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Great conversation about which is the least manipulative credit card company.

Over at Ask Metafilter there is an ongoing conversation about who could possibly be the LEAST manipulative credit card company out there. Its a pretty interesting read with some interesting comments, go check it out if you have a minute.

Over at Ask Metafilter.

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How To Save Money On Your Auto Insurance.

Sure, we all know a few good ways to knock some bucks off of your car insurance. Me? I am contemplating getting rid of my car altogether since I work at home and can walk to most anything I could need within a few blocks. But for those that are keeping your wheels, this article from Monster might offer a few suggestions to save a little bit of cash.

Even though auto insurance is expensive — on average $870 annually per car — many people purchase policies with little or no research. But insurance premiums (the payments you make to purchase coverage) can vary by as much as 300 percent, depending on the company you choose.

**I just switched to a different insurer, and our cost went down significantly, even with a lower deductible. It pays to look around!**

– Raise the Deductibles: One way to save money is to take the highest deductibles on collision and comprehensive coverage you can afford. A higher deductible means lower premiums.
– Choose a Car That Costs Less to Insure: Buying a low-profile car — one that’s rarely stolen and inexpensive to repair — can help cut insurance costs. Research the cost of insurance before buying a car. Sports cars, for instance, are very expensive to insure, while the least costly cars are small and midsized sedans and minivans.
– Cancel Collision Coverage When Away: If you won’t be driving for a long period of time, such as more than 30 days, you should notify your insurance company. Sometimes it’s possible to cancel collision premiums for this period of time.
– Insure Teenage Drivers on Your Family Policy Rather Than Separate Ones: Doing so will usually save money. Explore discounts for teenagers who have a good academic record, have successfully passed a driver training course or who don’t smoke.
– If You’re in the Military, Explore Special Discounts: Visit USAA’s Web site for more information.
– Find Out If Your Employer Gets Preferred Rates Through a Group Plan.
– Use Public Transportation: This can save you money on your policy.
– If You Are an Older Driver, Investigate Senior Discount Rates: The AARP is one such organization that offers discounts on auto insurance.
– Collision Coverage on Your Auto Can Transfer to Rental Cars: People who rent cars frequently may want to purchase a nonowner liability policy for about $300 a year rather than pay for the expensive collision-damage coverage each time they rent a car.

**And here is the normal “ask for a discount” spiel….no doubt, if you don’t ask, you won’t receive.

– Good Driving Record: Generally, a clean record — no accidents or moving violations for the past three years — will result in lower premiums.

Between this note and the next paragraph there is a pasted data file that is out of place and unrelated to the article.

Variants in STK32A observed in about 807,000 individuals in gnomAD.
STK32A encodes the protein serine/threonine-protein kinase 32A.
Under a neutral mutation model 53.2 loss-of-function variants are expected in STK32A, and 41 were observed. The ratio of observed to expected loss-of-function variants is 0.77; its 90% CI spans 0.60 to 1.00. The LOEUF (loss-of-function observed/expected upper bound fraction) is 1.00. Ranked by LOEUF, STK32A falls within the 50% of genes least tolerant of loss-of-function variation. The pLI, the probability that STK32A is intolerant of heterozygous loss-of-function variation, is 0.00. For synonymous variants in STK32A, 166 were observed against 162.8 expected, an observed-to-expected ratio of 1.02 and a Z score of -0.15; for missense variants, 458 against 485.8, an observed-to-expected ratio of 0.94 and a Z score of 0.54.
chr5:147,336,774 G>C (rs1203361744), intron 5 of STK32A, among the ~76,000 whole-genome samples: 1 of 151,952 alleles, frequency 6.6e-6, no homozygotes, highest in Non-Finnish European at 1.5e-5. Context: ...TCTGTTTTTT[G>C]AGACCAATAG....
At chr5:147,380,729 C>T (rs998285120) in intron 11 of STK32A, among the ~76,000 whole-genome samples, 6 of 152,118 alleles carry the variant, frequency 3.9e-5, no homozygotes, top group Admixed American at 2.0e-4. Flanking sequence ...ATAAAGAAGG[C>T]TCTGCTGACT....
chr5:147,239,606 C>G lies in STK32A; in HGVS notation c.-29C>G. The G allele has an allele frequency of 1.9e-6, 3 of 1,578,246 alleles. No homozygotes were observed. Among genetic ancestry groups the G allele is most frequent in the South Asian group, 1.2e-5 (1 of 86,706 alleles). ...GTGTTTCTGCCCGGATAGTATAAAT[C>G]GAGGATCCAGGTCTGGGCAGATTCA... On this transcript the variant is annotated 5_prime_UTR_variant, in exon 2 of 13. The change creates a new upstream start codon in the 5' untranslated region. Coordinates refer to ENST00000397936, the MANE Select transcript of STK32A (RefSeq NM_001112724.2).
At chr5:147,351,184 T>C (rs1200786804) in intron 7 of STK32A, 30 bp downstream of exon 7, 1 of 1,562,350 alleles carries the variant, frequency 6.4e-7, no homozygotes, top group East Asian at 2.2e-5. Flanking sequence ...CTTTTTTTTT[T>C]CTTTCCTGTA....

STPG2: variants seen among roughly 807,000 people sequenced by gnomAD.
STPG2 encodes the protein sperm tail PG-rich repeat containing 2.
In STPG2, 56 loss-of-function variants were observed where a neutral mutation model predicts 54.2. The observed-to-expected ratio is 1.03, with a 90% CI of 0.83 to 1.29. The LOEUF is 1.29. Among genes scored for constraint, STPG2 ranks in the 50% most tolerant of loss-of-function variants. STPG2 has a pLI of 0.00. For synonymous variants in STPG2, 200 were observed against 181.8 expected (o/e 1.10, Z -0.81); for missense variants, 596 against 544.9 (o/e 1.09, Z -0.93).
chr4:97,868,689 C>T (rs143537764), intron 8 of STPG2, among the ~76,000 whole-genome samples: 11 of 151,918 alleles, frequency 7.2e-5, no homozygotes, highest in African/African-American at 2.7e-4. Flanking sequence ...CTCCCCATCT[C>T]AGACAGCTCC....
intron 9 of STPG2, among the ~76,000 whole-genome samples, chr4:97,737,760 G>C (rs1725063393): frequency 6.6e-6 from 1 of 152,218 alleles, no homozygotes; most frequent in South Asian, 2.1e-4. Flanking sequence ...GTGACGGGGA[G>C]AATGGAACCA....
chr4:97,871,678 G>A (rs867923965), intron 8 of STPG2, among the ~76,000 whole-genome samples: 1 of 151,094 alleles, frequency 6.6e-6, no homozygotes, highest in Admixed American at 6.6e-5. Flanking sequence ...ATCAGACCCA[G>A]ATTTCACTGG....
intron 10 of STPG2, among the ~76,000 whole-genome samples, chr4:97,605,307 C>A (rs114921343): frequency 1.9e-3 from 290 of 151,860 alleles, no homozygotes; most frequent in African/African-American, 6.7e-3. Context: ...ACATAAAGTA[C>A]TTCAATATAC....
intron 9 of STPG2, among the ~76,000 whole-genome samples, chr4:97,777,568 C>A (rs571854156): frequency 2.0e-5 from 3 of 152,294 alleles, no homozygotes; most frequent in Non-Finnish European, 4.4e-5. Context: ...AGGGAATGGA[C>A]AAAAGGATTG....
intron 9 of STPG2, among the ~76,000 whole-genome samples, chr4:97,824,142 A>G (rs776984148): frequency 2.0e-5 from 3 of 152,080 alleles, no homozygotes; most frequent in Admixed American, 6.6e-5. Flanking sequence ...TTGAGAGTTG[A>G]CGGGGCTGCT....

– Drivers over 55 Who Have Taken a Recent Driving Course.
– Carpool Drivers: Drivers who carpool to work sometimes receive a 10 percent to 20 percent discount on premiums.
– More Than One Car on the Same Policy: This may earn you a 15 percent to 20 percent discount.
– Low Annual Mileage: Some companies offer discounts if you drive less than a certain number of miles each year.
– College Students Away at School: Some insurers offer discounts to parents with a college-age student who attends school more than 100 miles from home and doesn’t keep a car on campus.
– Antitheft Devices: Some insurers offer 5 percent to 15 percent discounts for alarm systems, wheel locks, hood locks and ignition protection devices.
– Safety Devices: You may receive up to a 30 percent discount in medical coverage for automatic seat belts and air bags. Some states, such as Florida, New Jersey and New York, require insurers to give discounts for cars equipped with antilock brakes.
– Being a Nonsmoker: Smoking is considered a high-risk behavior. Nonsmoking drivers may receive discounts on liability, medical benefits and collision.
– Long-Time Customers: Although it’s wise to comparison-shop, it doesn’t always make sense to switch companies. Some insurers reward long-time customers with discounts and other money-saving programs.
– Insuring Your Vehicle with the Same Carrier You Use for Homeowner’s Insurance.

You should ALWAYS shop around….every ad on tv says that their rates are lower than their competitors…well, they can’t all be the lowest. Start calling around, thats how we saved a bunch by going with a company that only insures good drivers. That way my premium doesn’t have to be so high as to pay for all the bad drivers the company doesn’t cover!

Source: Monster Money – Buying Auto Insurance: How to Save Money

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Video rental service for How-To DVD’s-Fix it yourself, save money.

I dont have much to add to this post from CoolTools, so I will put a blurb of it below. Need to fix something around your house but don’t know how or dont want to hire a pro? A company called SmartFlix will rent you DVD’s on how to projects…check it out:

SmartFlix will rent you nearly four thousand How-To DVDs in English. Subjects range from construction techniques (tile laying, cabinet making, timber framing), outdoor activities (kayaking, archery), and self-help, to such specialties as welding, lock-picking, and primitive fire-making.

The quality of the instruction varies tremendously. Some DVDs are smart and effective, some aren’t. Some are old, some brand new. All come from various publishers. The SmartFlix site smartly provides customer reviews (although not all DVDs have reviews). I have found the reviews tend to be generous; I mentally deduct one star from the ratings.